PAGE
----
Southward migration of the zero-degree isotherm latitude over the Southern Ocean and the Antarctic Peninsula: cryospheric, biotic and societal implications

The seasonal movement of the zero-degree isotherm across the Southern Ocean and Antarctic Peninsula drives major changes in the physical and biological processes around maritime Antarctica. These include spatial and temporal shifts in precipitation phase, snow accumulation and melt, thawing and freezing of the active layer of the permafrost, glacier mass balance variations, sea ice mass balance and changes in physiological processes of biodiversity. Here, we characterize the historical seasonal southward movement of the monthly near-surface zero-degree isotherm latitude (ZIL), and quantify the velocity of migration in the context of climate change using climate reanalyses and projections. From 1957 to 2020, the ZIL exhibited a significant southward shift of 16.8 km decade−1 around Antarctica and of 23.8 km decade−1 in the Antarctic Peninsula, substantially faster than the global mean velocity of temperature change of 4.2 km decade−1, with only a small fraction being attributed to the Southern Annular Mode (SAM). CMIP6 models reproduce the trends observed from 1957 to 2014 and predict a further southward migration around Antarctica of 24 ± 12 km decade−1 and 50 ± 19 km decade−1 under the SSP2-4.5 and SSP5-8.5 scenarios, respectively. The southward migration of the ZIL is expected to have major impacts on the cryosphere, especially on the precipitation phase, snow accumulation and in peripheral glaciers of the Antarctic Peninsula, with more uncertain changes on permafrost, ice sheets and shelves, and sea ice. Longer periods of temperatures above 0 °C threshold will extend active biological periods in terrestrial ecosystems and will reduce the extent of oceanic ice cover, changing phenologies as well as areas of productivity in marine ecosystems, especially those located on the sea ice edge.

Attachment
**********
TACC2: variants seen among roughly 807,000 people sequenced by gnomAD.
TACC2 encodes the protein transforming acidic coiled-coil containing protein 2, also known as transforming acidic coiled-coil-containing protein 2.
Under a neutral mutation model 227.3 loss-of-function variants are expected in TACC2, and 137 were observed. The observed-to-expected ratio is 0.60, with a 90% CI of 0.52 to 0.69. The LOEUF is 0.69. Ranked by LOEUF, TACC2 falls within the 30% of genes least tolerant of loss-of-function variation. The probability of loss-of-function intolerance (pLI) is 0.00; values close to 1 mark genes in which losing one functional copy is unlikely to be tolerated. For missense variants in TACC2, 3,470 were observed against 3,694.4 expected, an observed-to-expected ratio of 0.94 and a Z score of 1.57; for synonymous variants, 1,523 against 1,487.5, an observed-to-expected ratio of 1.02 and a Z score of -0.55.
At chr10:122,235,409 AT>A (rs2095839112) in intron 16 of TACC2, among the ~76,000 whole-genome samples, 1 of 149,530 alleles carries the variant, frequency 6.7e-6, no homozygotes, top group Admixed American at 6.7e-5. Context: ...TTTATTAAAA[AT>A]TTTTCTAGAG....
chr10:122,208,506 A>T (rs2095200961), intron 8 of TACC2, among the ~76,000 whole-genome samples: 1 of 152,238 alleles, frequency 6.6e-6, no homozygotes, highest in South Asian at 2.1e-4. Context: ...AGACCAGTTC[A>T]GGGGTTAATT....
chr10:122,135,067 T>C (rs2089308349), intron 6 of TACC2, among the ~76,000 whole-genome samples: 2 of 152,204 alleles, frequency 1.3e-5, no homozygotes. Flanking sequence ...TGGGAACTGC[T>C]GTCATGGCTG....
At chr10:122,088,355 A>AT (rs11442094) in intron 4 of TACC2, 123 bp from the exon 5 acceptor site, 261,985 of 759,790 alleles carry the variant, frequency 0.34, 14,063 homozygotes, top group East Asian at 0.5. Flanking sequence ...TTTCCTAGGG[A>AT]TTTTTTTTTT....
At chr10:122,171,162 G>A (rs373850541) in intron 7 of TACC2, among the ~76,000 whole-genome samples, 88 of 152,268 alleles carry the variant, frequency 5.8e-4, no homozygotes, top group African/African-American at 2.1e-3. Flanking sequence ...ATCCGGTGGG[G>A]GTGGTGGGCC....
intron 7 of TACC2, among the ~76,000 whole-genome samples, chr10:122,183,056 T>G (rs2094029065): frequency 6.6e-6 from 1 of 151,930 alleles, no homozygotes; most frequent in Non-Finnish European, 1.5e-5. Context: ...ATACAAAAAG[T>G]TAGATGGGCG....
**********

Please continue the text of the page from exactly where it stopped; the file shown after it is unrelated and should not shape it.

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Authors: González-Herrero, Sergi, Navarro, Francisco, Pertierra, Luis R., Oliva, Marc, Dadic, Ruzica, Peck, Lloyd ORCIDORCID record for Lloyd Peck, Lehning, Michael

On this site: Lloyd Peck
20 February, 2024
Science of the Total Environment / 912
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